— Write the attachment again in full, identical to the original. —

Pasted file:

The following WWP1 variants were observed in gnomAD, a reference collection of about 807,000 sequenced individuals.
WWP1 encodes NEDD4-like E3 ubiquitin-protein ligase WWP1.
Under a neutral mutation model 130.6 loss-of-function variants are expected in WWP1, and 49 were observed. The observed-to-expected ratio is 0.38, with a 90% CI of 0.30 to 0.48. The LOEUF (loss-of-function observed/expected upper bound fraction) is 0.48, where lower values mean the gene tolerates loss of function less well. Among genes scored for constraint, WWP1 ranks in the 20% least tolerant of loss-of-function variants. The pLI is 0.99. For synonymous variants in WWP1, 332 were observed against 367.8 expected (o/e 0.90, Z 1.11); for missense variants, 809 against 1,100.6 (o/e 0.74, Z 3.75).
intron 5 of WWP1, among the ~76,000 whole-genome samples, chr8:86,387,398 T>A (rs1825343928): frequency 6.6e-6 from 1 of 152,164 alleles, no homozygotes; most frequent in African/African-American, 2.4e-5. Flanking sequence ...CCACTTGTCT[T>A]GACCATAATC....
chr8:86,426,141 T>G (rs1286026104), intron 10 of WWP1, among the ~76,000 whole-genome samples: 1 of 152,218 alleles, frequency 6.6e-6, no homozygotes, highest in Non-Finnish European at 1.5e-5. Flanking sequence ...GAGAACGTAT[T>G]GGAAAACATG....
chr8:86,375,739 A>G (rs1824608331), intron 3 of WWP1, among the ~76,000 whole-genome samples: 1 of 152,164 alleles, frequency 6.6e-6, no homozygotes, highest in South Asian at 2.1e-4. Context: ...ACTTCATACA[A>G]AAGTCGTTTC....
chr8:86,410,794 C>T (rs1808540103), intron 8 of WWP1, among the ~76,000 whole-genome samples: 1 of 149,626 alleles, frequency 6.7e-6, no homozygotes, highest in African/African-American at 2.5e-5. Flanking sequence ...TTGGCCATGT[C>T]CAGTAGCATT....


The following WWP1 variants were observed in gnomAD, a reference collection of about 807,000 sequenced individuals.
WWP1 encodes NEDD4-like E3 ubiquitin-protein ligase WWP1.
Under a neutral mutation model 130.6 loss-of-function variants are expected in WWP1, and 49 were observed. The observed-to-expected ratio is 0.38, with a 90% CI of 0.30 to 0.48. The LOEUF (loss-of-function observed/expected upper bound fraction) is 0.48, where lower values mean the gene tolerates loss of function less well. Among genes scored for constraint, WWP1 ranks in the 20% least tolerant of loss-of-function variants. The pLI is 0.99. For synonymous variants in WWP1, 332 were observed against 367.8 expected (o/e 0.90, Z 1.11); for missense variants, 809 against 1,100.6 (o/e 0.74, Z 3.75).
intron 5 of WWP1, among the ~76,000 whole-genome samples, chr8:86,387,398 T>A (rs1825343928): frequency 6.6e-6 from 1 of 152,164 alleles, no homozygotes; most frequent in African/African-American, 2.4e-5. Flanking sequence ...CCACTTGTCT[T>A]GACCATAATC....
chr8:86,426,141 T>G (rs1286026104), intron 10 of WWP1, among the ~76,000 whole-genome samples: 1 of 152,218 alleles, frequency 6.6e-6, no homozygotes, highest in Non-Finnish European at 1.5e-5. Flanking sequence ...GAGAACGTAT[T>G]GGAAAACATG....
chr8:86,375,739 A>G (rs1824608331), intron 3 of WWP1, among the ~76,000 whole-genome samples: 1 of 152,164 alleles, frequency 6.6e-6, no homozygotes, highest in South Asian at 2.1e-4. Context: ...ACTTCATACA[A>G]AAGTCGTTTC....
chr8:86,410,794 C>T (rs1808540103), intron 8 of WWP1, among the ~76,000 whole-genome samples: 1 of 149,626 alleles, frequency 6.7e-6, no homozygotes, highest in African/African-American at 2.5e-5. Flanking sequence ...TTGGCCATGT[C>T]CAGTAGCATT....